I also felt like making and seeing stuff this week, so I got a wild hair idea, took photos, printed, matted, and framed them, über fast-like, in something like two and a half hours. I also invested in some acrylic paint and an easel that I’m going to dive into Wednesday-ish, along with Breakfast at Tiffany’s and a few other gems.

If I could make a mix CD for this week, it would feature Ugly Casanova, Sea Wolf, Aqualung, the Pixies, and Modest Mouse (go to Pandora, type it in, check it out).

A shout out this week goes to Zel at Golden Glow, because she’s possibly the hardest working, sweetest lady ever. And she’s fun to talk to.

Tracy and Joyce Wells get shout outs because they are two of the coolest chicks to ever set foot at the traffic light!

Faye Hensley gets a shout out, because she’s so dedicated to the seniors in our community, which is admirable X2 in a society that doesn’t always respect it’s elders.

A shout out goes to Justin Chambers, for introducing me to this Italian turkey flatbread fandango that I now occasionally crave.

Tess Lipps gets a shout out, because he’s probably one of the most genuinely good-hearted people I’ve ever met.

A HUGE shout out goes to William Christopher Lewis, III, who is looking at the Gulf of Mexico and sending me the best voice mails ever while doing it.

Also, a shout out goes to Ryan Farmer at the Leslie County Public Library. I got your letter and I enjoyed it. Thank you!

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Last Updated on Wednesday, 11 May 2011 12:24

 

Salt and Sand


I would like to clear the air about a subject or two in my column this week, one that has surfaced repeatedly, and I’m sure will continue to surface. But at least I can say I tried to spread the word. As a small town paper, before I even agreed to take this job, I was made aware of the types of things I would face: you can’t make everybody happy, everything you do will be critiqued and will be subject to commentary, etc. To that I say “whatev”.

I would like to lay to rest the idea that I and/or the company I work for “leaves things out of the newspaper”. Or my favorite accusation, “they hid that in the newspaper!” (Which makes little to no sense when you really examine that statement. How does one go about HIDING something in a newspaper?) I digress.

Since I started working here in 2008, I would be lying if I said I hadn’t been approached by someone, asking to “leave something” out of the paper.  A deed, a jail report, a news story. I’ve been threatened legally, bodily, and people have even offered to “have me fired”. This happens regularly, if not weekly. I don’t really mind, because I’m not the type to scare easily, and it makes for good dinner conversation later anyway.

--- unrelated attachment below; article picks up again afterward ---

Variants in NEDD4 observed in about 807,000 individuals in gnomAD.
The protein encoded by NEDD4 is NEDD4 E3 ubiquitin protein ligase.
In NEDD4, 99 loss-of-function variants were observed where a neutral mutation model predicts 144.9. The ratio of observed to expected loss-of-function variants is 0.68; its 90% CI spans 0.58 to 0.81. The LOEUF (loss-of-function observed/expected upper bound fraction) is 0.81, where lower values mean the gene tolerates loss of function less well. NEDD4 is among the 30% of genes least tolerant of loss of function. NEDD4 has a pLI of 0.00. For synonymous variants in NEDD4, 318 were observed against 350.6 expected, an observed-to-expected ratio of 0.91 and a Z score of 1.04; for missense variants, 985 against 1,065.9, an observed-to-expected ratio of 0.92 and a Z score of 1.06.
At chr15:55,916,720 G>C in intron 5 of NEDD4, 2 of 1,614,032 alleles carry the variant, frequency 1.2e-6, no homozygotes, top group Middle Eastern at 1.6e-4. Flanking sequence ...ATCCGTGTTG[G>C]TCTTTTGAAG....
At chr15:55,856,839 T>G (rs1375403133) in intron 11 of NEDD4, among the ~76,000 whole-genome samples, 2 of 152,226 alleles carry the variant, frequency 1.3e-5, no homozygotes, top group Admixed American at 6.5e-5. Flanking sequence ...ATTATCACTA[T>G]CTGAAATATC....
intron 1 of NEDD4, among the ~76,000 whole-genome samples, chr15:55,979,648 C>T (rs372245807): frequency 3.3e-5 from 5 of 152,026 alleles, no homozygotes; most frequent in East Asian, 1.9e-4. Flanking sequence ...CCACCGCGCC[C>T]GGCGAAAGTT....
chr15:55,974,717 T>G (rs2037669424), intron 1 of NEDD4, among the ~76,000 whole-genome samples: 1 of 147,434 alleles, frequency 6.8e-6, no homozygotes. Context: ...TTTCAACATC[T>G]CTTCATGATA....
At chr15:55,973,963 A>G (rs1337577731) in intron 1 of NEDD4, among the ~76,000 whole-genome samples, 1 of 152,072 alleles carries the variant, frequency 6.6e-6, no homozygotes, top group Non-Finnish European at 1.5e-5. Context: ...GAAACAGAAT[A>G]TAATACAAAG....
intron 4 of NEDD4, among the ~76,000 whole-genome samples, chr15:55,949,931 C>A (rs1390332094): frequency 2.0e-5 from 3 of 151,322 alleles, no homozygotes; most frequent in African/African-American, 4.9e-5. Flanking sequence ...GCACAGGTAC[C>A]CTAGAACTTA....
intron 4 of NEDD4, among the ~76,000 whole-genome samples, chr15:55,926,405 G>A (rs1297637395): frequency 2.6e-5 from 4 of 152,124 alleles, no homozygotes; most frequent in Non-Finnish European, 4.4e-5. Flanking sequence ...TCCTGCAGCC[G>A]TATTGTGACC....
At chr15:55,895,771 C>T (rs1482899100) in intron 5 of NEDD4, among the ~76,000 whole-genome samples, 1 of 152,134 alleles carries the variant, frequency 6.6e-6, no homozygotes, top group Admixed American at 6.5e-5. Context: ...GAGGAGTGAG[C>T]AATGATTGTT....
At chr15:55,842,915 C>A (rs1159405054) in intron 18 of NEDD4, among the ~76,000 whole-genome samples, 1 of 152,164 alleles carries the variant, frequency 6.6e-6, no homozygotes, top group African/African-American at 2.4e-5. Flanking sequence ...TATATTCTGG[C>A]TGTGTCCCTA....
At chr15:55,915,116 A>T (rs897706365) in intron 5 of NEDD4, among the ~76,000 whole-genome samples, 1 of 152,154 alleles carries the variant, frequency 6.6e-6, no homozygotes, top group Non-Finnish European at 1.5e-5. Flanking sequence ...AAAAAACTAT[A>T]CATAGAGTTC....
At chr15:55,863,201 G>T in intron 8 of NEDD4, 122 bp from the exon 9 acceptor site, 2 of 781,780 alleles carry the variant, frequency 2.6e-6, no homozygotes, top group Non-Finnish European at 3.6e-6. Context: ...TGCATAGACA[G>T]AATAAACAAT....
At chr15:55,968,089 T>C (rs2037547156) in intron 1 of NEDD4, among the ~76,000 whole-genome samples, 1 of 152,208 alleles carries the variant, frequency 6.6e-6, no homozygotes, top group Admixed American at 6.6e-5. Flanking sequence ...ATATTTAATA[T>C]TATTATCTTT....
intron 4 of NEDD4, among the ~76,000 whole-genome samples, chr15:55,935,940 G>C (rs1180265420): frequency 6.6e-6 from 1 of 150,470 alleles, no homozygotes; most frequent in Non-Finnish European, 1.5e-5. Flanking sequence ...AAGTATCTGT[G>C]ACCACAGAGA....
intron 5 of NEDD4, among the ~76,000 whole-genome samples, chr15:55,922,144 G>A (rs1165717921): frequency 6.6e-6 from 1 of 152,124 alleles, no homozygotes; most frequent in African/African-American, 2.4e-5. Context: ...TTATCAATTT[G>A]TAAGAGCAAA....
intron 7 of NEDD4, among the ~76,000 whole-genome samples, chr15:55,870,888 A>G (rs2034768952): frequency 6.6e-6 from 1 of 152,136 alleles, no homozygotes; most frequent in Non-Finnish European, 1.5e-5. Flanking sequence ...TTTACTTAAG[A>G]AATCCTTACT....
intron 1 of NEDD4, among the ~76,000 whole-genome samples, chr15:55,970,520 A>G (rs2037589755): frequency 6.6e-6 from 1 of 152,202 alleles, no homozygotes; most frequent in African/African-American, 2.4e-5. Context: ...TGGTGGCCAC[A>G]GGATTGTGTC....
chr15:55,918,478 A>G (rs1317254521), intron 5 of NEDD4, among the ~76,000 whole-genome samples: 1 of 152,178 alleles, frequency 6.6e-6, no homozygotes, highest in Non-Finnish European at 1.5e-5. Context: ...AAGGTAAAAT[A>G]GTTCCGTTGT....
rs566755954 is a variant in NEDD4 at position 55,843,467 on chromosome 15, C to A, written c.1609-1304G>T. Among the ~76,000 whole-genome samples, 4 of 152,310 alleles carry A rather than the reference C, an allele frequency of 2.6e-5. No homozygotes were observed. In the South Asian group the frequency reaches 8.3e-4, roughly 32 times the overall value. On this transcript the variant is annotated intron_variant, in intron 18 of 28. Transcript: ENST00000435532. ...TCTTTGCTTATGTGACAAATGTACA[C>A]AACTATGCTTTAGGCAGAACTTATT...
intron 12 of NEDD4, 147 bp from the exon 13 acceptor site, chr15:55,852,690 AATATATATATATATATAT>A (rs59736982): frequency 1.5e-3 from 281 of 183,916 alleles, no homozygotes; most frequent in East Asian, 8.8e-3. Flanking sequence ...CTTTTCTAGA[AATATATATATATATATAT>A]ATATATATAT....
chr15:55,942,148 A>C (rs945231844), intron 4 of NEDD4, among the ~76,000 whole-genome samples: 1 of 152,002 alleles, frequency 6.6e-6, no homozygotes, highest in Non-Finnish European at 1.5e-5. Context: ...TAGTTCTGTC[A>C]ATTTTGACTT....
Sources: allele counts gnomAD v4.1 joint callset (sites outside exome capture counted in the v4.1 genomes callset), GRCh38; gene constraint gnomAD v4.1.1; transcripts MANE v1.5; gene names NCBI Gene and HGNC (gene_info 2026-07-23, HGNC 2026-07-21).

Even though it’s against our policy to leave things out, it doesn’t seem to be enough for some, and those who speculate that our newspaper omits information for whatever reason, seem determined to feel that way. Now read carefully this next part, because it’s super important.

On January 14, 2010, in the second edition of the newspaper that year, I wrote and published on the FRONT PAGE of this very newspaper, an article about a woman who plead guilty to drug trafficking in Clay District Court, and was sentenced to seven years in prison. That woman was my mom.

It wasn’t my step-mom. It wasn’t my aunt, my uncle, or a person that lives down the road from me. It was the lady that gave me life.

I did it mainly because it was news. I approached it like I would approach any other news story about anybody else, and it was worthy of the front page, so that’s where it went.

I also hoped in doing that, people would feel some small amount of shame in accusing me of “leaving things out” or asking me to “leave something out”. Some do and some don’t.

But for the record’s sake: I don’t omit information, because I’m worth my own salt.

Honestly, my mom didn’t care, because she loves me, and I love my mom, and neither public opinion nor a newspaper article will ever change the underlying facts. The kind that you don’t print because they don’t pertain to the story: she’s funny, she gives the best advice (whether I follow it or not, she’s usually right), and I have a tendency to sound just like her when I get angry.

It’s because of my mom that I have a decently strong character, that I can write this column, and have peace of mind about it.

So this week, a shout out goes to my mom, for making me, and helping to shape me into who and what I am. Because of you, I take what “people” say with a grain of sand, and I’m happy my life. Thank you.

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Last Updated on Wednesday, 04 May 2011 12:16

 

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e-Edition B-Section 8-21-14